If it looks like a wild pig, the tapir is nevertheless a cousin of horses and rhinos. Meeting with a mammal whose long nose is very useful.
5 species of tapir
The tapir (Tapirus) is a large mammal of the family Tapiridae. The animal belongs to the order of Perissodactyls, ungulates non-ruminants with an odd number of fingers like rhinoceros and horse. The tapir – whose existence dates back 35 million years – is depicted by 5 species:
- The tapir at chabraque (Tapirus indicus), also called Indian tapir or Malay tapir, lives only in Southeast Asia;
- The tapir earthly (Tapirus terrestris) or Brazilian tapir, is found in South America;
- The tapir woolly (Pinchaque tapirus) also nicknamed mountain tapir or Andean tapir also lives in South America;
- The tapir of Baird (Tapirus bairdi) is found in Central and South America;
- The little tapir black (Kabomani tapirus) evolves in Brazil, Colombia and Guyana. This species was only discovered in 2013.
Tapir: a very useful mini-trunk
The tapir displays a broad neck and a rather massive covered with a thick epidermis short hair. The pinchaque is an exception by wearing a woolly fleece while the terrestrial tapir is distinguished by its mane Brown. The mammal’s elongated head ends in a snout shaped like a mini-proboscis. This mobile attribute and prehensile, being able to contract and lengthen at will, allows him to remove leaves from the branches and to pull up the plants to feed. His large nose also serves as a tuba when he immerses himself to escape danger. The tapir has small erect ears, a reduced tail, strong and short legs extended by hooves. His highly developed sense of smell and hearing compensate for his poor vision. It measures about 2 m long and 1 m high for a weight ranging between 150 to 300 kg. The kabomani species, the smallest of all, weighs an average of 110 kg.
The tapir always lives near water
The tapir is found on continents located at the antipodes: present in Asia, Central and South America, it is completely absent from africa. Its geographical dispersion is explained by migration via the Bering Strait. The mammal prefers wooded areas and humid tropical forests mainly located near stream from which it only very rarely departs. Water represents various functions for tapirs: in addition to cooling off, animals like to immerse themselves in it to get rid of parasites or flee in case of danger.
The tapir, gardener of the forests
Exclusively vegetarian with a folivorous tendency, the tapir consumes buds, leaves, bark, fruits, seeds, twigs and other terrestrial and aquatic plants. At sunset and at dawn, the mammal is able to ingest between 30 to 40 kg of grass daily. Very selective, it feeds on plants that it collects using its prehensile proboscis. Then, with its large teeth, it cuts the branches and breaks the toughest seeds. The tapir, nicknamed the “forest gardener”, helps disperse the seeds it has consumed through its faeces. The digested and rejected seeds thus allow the growth of plants and the regeneration of the forest.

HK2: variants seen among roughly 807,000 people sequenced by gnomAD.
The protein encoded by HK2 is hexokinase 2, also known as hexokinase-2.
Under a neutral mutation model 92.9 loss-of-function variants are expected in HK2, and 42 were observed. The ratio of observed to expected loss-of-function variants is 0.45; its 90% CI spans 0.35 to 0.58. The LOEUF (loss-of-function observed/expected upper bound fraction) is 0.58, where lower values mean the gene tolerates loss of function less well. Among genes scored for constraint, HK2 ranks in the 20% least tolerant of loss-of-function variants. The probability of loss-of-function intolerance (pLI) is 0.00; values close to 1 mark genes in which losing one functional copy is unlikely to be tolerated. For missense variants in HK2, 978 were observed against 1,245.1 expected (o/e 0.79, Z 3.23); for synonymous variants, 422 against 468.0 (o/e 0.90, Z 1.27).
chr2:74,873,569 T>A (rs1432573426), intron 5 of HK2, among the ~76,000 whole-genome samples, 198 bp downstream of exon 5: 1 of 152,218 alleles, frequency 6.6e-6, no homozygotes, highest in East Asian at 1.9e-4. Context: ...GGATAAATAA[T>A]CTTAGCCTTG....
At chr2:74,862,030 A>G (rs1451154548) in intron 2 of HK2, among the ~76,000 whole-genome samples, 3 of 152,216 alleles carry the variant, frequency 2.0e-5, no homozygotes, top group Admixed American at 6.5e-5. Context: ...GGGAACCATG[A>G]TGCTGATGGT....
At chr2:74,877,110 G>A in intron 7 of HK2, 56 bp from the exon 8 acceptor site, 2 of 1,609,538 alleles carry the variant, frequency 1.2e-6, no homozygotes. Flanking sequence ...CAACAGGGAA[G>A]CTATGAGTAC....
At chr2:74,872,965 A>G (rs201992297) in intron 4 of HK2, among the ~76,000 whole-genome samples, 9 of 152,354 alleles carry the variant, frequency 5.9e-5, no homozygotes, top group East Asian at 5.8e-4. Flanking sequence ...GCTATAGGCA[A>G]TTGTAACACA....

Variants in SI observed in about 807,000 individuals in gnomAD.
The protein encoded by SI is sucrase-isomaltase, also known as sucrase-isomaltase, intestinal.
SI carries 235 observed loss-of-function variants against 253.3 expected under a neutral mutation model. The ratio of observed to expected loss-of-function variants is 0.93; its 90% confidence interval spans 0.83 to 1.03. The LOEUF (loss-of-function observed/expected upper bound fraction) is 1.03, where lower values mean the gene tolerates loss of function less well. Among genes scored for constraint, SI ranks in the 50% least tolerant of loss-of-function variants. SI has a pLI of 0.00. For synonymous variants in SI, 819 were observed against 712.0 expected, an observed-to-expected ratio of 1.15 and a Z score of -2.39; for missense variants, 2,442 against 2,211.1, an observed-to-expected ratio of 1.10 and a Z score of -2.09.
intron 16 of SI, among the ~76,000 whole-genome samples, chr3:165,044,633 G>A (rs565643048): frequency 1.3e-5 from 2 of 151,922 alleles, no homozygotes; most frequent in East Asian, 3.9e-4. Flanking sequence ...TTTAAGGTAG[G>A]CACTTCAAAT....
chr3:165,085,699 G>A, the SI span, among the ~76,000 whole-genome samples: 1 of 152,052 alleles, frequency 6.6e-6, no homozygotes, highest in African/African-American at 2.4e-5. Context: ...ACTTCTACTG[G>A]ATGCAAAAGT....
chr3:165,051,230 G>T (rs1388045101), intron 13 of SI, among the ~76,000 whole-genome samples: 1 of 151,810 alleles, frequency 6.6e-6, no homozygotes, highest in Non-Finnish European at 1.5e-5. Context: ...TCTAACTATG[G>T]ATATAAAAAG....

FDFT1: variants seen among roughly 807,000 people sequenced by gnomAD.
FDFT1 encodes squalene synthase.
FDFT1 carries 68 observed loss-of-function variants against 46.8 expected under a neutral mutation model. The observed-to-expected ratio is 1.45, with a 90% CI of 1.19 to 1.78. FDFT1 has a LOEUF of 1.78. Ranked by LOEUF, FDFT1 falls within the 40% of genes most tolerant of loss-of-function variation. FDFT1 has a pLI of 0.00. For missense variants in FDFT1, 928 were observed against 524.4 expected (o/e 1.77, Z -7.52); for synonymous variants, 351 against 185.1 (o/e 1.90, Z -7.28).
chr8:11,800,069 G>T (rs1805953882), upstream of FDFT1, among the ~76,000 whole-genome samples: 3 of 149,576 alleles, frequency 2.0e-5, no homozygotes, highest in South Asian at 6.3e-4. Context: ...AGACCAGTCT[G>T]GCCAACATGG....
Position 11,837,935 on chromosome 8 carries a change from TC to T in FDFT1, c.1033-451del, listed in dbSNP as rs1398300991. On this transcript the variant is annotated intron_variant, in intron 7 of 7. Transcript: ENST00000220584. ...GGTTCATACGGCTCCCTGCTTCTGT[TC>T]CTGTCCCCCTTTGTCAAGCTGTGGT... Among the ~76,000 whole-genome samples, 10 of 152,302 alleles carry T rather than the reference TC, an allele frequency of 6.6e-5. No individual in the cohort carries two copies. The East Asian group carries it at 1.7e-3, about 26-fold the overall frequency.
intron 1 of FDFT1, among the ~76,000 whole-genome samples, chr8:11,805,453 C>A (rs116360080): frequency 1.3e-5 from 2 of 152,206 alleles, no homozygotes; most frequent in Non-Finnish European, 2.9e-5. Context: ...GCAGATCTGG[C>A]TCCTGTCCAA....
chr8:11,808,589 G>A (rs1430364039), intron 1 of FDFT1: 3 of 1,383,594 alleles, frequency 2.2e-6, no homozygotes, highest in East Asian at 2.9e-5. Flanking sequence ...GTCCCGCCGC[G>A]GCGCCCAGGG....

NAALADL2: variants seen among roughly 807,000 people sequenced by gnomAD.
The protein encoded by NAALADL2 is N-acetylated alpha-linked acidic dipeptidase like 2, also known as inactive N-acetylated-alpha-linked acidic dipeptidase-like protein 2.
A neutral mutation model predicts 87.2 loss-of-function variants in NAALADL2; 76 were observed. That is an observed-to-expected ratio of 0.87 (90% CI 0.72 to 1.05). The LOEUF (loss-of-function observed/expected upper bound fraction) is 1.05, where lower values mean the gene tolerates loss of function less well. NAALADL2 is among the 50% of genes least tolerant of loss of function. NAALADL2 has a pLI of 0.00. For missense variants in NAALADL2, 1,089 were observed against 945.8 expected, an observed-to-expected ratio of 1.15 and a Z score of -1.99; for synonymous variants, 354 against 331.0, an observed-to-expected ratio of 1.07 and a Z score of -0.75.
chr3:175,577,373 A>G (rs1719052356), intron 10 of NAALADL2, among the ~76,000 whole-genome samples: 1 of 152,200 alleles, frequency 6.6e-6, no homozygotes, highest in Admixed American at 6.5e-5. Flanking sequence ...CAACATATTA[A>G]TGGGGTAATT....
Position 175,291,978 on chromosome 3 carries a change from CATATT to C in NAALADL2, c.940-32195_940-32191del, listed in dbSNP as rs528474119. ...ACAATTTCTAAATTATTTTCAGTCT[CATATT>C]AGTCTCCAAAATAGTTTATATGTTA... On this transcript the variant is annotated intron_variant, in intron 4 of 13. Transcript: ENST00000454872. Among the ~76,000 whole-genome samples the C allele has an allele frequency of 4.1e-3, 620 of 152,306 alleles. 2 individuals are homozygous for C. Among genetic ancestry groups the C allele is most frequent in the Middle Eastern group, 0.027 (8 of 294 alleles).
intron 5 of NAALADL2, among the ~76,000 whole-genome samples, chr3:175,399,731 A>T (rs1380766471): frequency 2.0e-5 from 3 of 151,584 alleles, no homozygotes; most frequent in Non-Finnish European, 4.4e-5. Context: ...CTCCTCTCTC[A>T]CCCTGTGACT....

The tapir, a nocturnal and solitary animal
The tapir is an animal discreet which quickly weaves its way through the thickets, making its way through the most inaccessible places. At the hottest hours of the day, he likes to wallow in the mud, both to refresh and to deworm. The tapirid inhabits a large area that it marks by urinating on leaves and bushes. This nocturnal and solitary mammal only meets its congeners during the mating season. He communicates with them by pushing shrill screams and loud sniffles.
The slow reproduction of the tapir
Reproduction can take place all year round. With a duration of gestation About 13 months old, females only give birth to one 6-kilo calf every two years. The newborn has a dark coat dotted with bands or dots yellowish which disappear at the age of 6 to 10 months. First suckled, the juvenile becomes independent around the age of 10 months and reaches sexual maturity between 3 and 5 years.
The tapir, an endangered species
In the wild, the jaguar, anaconda and even the puma are the main predators of the tapir. On the Red List of the International Union for the Conservation of Nature (IUCN) and according to the species, the animal is classified in category vulnerable or in danger. The main threats weighing on it are the destruction of its habitat (deforestation, cultivation) and bydrying up wetlands (global warming). The mammal is also hunted for its meat and skin. He lives on average 30 years wild.